A stocks and shares ISA could be one way to make more of your money. Our guide takes you through the risks and benefits allowing you to find the best investment ISA for over 60s.
If you’re over the age of 60 it can be difficult to make your money work for you. With savings rates lagging far behind inflation, the only way to make real money is to choose long term investments.
However, the need to commit capital for an extended period coupled with the risk to your initial investment means this is a less secure option for anyone who is either approaching retirement or has retired already.
A stocks and shares ISA might be a good option though. Although it brings the same risks as investing, this risk is partly offset because anything invested within you annual allowance is tax free. As with taxable investments you're also able to mitigate risk to some extent through the investments you choose.
What is the ISA allowance for over 60s?
The ISA limit for over 60s is the same as for everyone else, £11,520 for the 2013/14 tax year, and we’re entering a time traditionally seen as ISA season when companies traditionally compete for business.
Finding investment advice for 60 year old
Normally you might be looking for the best cash ISA rates for over 60s, as this allows you to have instant access and no risk. However, this year’s ISA season – certainly in the realm of cash ISAs – has been something of a damp squib with relatively few new products offering rather poor returns, which makes a stocks and shares ISA all the more appealing.
However, investing on the stock market is always a risk and you should find advice from an expert before taking the plunge.
It is particularly important to find someone who can offer specialist advice on the best investments for 60 year olds, which is in line with your situation. This will help you make your money go further and ensure that you're able to access it as and when you need to.
Stocks and shares ISA rules
Before you start it’s important to understand the ISA rules. You can invest anything up to the maximum ISA limit in stocks and shares less any amount you invset in cash. For 2012/13 the cash ISA limit was £5,640 but from April this will rise to £5,760.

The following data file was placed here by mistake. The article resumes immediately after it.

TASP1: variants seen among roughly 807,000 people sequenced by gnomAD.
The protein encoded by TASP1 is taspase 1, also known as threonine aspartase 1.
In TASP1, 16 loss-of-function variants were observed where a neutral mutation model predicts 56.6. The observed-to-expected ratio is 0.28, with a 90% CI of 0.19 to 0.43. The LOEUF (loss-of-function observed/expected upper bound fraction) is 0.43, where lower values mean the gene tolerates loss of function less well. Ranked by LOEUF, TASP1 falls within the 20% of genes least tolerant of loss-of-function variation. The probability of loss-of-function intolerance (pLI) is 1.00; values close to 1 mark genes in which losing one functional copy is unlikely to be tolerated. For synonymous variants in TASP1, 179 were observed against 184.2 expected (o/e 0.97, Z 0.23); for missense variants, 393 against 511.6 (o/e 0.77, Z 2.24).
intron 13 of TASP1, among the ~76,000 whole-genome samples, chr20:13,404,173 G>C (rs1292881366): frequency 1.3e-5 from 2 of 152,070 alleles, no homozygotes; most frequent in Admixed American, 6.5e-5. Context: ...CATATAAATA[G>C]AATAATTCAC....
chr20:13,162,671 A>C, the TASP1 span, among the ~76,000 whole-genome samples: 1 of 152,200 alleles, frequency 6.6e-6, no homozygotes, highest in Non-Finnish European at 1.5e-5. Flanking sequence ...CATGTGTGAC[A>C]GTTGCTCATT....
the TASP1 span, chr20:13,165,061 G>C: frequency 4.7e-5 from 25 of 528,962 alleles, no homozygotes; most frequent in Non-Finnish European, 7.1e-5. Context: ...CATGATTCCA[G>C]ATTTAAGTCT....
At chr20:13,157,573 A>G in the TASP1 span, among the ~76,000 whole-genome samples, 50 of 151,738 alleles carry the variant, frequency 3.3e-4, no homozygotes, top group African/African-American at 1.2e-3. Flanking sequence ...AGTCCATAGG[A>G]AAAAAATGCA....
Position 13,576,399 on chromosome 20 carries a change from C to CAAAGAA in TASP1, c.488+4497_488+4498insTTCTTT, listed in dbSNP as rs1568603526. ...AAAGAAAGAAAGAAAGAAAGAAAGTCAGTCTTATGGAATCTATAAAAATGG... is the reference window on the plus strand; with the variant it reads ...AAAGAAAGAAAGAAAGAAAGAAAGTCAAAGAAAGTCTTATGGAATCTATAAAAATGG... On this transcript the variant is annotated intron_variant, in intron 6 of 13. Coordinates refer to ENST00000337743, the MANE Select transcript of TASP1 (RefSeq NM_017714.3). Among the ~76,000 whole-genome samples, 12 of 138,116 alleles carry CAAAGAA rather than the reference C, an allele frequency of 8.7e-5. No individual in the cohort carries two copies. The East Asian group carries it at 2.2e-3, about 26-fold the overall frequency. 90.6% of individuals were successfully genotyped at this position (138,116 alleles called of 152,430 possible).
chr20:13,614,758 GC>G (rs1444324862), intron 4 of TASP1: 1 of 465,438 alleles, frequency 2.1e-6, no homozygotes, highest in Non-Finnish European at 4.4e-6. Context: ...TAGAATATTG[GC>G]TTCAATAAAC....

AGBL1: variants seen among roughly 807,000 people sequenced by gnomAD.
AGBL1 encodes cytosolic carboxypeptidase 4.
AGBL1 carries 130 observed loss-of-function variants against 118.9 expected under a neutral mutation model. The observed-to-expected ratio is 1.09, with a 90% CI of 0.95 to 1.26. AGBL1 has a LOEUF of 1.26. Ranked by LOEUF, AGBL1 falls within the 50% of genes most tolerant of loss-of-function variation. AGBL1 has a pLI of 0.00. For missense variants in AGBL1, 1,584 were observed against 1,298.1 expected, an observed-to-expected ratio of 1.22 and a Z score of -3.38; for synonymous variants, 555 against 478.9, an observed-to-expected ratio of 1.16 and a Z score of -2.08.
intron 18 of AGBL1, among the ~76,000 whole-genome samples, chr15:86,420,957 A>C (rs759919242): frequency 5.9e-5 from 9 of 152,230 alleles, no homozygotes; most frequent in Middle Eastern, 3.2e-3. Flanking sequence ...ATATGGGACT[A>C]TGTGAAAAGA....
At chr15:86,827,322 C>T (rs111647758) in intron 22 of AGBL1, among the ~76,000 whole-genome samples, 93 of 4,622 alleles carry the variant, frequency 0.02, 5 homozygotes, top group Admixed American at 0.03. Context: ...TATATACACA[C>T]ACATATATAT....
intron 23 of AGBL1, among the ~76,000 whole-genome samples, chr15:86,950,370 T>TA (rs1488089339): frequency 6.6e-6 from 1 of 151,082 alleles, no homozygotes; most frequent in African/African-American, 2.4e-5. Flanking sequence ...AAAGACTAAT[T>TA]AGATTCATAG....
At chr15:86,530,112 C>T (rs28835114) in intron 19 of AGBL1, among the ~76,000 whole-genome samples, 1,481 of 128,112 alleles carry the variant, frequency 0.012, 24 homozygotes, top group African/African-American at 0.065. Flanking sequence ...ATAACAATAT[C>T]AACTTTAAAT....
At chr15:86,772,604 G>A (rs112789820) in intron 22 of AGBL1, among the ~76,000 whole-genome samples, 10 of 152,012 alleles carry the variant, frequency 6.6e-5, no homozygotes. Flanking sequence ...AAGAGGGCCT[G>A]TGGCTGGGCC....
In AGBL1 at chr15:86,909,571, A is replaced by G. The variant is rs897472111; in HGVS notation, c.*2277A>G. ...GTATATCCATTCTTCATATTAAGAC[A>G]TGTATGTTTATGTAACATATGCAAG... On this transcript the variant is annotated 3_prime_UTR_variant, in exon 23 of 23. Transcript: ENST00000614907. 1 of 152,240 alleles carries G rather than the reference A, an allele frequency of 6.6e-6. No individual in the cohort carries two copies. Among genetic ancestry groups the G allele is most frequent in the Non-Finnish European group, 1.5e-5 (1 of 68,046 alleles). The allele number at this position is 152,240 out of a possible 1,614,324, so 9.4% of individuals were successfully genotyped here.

You can transfer money out of a cash ISA and into a stocks and shares ISA, but not the other way around. Any transfers you make can only be from one stocks and shares ISA to another.
Before you start it’s important to understand the risks. The value of shares can go down as well as up and you will probably have to commit this capital for a number of years before you get a decent return.
You will also want to be sure your Investment ISA provider will offer a competitive performance. You can check the performance of funds offered by each provider against one another to get an idea of how it has faired in the past.
Although this is far from certain it does give you an idea of the talent of the investment professionals and the chances of securing a good return in the future.
To spread risk you should build an investment portfolio and place money across many different companies and across as many asset classes as possible.
You should ideally have some money in equities, gifts government and corporate bonds, property and cash, to give yourself as much protection against market volatility as possible. You can always look at OEICs and Unit Trusts as a straight forward way to spread your investments and associated risk.
How to compare an over 60 investment ISA
There are many ISA providers offering all sorts of options so it can be difficult to choose one which meets your needs.
You should also look at the likely costs involved. Because Investment ISAs take more administration to run, companies will generally charge fees. You’ll most likely have to pay a deposit fee to cover the cost of buying shares and an administration fee, normally around 1-2% of capital. You might also want to consider whether you want to hand over investment decisions to a fund manager or choose a self-select ISA.
As the name suggests a self-select ISA enables you to pick and choose where you invest your money, while a fund ISA hands over the decision to an expert. Your choice will all depend on how much confidence you have in your own ability to judge the market.